As I have mentioned before, I wind up in New York most weekends and this one is no exception. I’m staying in the Financial District, as I usually do, where there has been a particularly eerie spell cast over the streets. Cops are patrolling the area, one should have an ID handy, clergy members are not permitted to take part in this weekends ceremony, etc. It feels extremely  dystopian.

I’m sure I’ll have a longer post tomorrow, but today’s sentiment is really not something to be happy about. We were attacked ten years ago largely because of our commitment to a free society, which feels just as threatened when my movement is tracked so closely. I’m not angry that there is a high concentration of military and policemen; I know they mean well and I feel safe. But it’s hard to feel like the world is a safer place now than it was ten years ago.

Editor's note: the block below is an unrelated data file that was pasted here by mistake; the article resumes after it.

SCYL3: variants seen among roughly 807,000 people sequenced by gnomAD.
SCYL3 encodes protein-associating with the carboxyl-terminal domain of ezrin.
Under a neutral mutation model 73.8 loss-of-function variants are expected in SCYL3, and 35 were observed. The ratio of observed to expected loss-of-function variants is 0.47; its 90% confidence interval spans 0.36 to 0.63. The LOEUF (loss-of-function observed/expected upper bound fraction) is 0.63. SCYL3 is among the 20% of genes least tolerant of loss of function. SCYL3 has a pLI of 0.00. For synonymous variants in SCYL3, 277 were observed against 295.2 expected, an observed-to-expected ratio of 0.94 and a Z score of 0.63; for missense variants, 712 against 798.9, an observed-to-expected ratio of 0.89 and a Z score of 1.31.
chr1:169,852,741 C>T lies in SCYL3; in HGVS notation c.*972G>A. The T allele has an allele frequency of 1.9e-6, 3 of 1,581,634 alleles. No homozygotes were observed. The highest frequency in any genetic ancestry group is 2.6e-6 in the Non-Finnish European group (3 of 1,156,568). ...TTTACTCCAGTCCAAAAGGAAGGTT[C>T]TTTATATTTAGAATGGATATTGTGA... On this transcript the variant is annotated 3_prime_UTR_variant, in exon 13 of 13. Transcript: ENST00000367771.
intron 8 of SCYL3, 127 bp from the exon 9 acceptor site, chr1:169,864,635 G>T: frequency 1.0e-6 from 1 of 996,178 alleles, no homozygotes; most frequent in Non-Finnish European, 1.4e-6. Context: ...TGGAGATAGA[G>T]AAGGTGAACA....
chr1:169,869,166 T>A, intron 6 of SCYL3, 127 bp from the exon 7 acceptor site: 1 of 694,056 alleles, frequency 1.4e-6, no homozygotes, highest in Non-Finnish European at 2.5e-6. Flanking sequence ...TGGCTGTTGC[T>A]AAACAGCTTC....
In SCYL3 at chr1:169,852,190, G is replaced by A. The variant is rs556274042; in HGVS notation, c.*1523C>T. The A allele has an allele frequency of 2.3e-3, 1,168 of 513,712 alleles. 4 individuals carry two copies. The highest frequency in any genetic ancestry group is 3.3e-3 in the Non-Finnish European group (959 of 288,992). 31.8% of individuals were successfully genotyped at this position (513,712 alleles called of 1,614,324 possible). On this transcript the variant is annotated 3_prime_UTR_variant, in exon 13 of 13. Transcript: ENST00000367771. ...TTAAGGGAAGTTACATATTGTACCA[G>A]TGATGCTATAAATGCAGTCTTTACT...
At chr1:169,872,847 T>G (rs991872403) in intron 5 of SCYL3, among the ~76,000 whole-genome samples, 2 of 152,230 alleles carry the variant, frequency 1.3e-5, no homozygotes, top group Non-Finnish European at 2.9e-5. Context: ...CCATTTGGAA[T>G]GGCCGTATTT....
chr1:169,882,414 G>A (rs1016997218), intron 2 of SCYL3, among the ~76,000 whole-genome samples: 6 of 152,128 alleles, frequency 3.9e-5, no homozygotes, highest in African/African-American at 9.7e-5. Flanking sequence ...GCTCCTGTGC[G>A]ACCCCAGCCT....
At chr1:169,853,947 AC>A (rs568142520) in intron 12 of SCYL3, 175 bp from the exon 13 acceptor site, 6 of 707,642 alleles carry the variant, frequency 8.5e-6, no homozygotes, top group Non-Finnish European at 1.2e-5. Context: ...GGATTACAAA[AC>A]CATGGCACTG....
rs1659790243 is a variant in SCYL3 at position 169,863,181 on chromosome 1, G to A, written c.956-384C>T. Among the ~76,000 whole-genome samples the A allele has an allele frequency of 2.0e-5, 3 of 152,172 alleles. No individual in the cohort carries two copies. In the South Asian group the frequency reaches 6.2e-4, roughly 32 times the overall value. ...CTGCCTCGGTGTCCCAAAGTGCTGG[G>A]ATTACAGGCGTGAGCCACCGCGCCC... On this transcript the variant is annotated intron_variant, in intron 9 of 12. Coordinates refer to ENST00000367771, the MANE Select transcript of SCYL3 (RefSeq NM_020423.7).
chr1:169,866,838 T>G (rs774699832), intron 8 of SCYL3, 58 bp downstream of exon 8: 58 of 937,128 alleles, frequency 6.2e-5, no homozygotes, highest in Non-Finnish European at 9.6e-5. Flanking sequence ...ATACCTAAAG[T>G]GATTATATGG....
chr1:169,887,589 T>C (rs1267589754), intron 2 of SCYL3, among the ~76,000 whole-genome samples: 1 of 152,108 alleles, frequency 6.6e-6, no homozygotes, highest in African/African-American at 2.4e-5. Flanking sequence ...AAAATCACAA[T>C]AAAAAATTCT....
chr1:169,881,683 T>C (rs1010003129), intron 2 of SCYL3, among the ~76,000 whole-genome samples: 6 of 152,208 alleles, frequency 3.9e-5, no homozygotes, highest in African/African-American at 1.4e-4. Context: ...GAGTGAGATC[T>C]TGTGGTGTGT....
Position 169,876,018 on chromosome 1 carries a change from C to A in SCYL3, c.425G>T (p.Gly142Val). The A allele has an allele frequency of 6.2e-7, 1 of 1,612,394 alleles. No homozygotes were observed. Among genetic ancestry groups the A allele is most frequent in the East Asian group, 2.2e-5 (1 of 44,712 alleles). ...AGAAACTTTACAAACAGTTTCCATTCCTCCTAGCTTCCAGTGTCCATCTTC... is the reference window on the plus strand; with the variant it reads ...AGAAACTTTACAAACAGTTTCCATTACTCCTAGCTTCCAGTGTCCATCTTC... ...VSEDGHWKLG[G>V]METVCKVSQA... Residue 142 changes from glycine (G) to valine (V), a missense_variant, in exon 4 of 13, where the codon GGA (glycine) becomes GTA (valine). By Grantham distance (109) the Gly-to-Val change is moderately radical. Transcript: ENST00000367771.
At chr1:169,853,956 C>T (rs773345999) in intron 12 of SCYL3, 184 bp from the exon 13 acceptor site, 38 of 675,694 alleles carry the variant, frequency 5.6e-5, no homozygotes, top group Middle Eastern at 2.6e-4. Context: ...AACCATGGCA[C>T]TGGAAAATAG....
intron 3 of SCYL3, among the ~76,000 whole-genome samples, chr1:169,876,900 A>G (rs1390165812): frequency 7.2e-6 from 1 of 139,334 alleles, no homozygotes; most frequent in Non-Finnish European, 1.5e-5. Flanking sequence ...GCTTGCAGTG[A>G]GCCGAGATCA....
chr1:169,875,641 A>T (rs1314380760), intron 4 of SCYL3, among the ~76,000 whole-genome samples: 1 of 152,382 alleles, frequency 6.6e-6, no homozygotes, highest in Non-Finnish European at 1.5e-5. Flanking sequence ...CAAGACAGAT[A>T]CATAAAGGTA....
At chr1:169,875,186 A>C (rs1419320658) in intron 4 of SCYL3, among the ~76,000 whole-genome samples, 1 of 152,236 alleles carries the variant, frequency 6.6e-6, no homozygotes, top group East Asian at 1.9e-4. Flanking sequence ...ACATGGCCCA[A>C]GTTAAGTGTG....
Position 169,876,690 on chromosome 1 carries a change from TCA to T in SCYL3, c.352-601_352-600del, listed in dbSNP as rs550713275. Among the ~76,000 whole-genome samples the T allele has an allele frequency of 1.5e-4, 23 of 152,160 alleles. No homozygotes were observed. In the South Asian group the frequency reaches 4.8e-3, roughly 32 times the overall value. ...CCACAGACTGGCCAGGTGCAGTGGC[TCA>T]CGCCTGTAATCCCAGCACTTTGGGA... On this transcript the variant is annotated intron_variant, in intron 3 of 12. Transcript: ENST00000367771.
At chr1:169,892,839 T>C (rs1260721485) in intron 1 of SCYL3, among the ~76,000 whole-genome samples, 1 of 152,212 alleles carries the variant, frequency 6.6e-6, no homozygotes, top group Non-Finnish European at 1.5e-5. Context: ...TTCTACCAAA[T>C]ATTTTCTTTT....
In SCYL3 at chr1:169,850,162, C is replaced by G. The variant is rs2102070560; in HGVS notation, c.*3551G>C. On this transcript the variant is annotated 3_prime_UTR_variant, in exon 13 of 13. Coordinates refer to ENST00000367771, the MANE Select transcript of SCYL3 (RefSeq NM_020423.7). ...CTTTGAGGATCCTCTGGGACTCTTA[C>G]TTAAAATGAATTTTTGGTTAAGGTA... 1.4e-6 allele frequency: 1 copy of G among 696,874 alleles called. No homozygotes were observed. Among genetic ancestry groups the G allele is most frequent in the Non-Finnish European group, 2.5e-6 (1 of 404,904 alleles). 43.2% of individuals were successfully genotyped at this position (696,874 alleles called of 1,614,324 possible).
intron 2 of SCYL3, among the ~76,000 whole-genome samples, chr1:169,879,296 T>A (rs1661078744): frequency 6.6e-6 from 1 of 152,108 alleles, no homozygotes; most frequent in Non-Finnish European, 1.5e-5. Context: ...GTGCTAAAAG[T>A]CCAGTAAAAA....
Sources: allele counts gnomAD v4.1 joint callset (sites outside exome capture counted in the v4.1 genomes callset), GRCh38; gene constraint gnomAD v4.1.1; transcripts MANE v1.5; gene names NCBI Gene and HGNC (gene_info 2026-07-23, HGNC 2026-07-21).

September 11 brought out some of the best in New Yorkers and, if anything decent can come from the anniversary of an act of terror, it should be the spirit that followed. For instance, Scott Heiferman found himself talking to more neighbors in the days after 9/11 than ever before. People said hello to neighbors helped each other, etc. which inspired him to co-found using the internet to get off the internet — and  grow local communities.

Friendship is the way we should respond this weekend.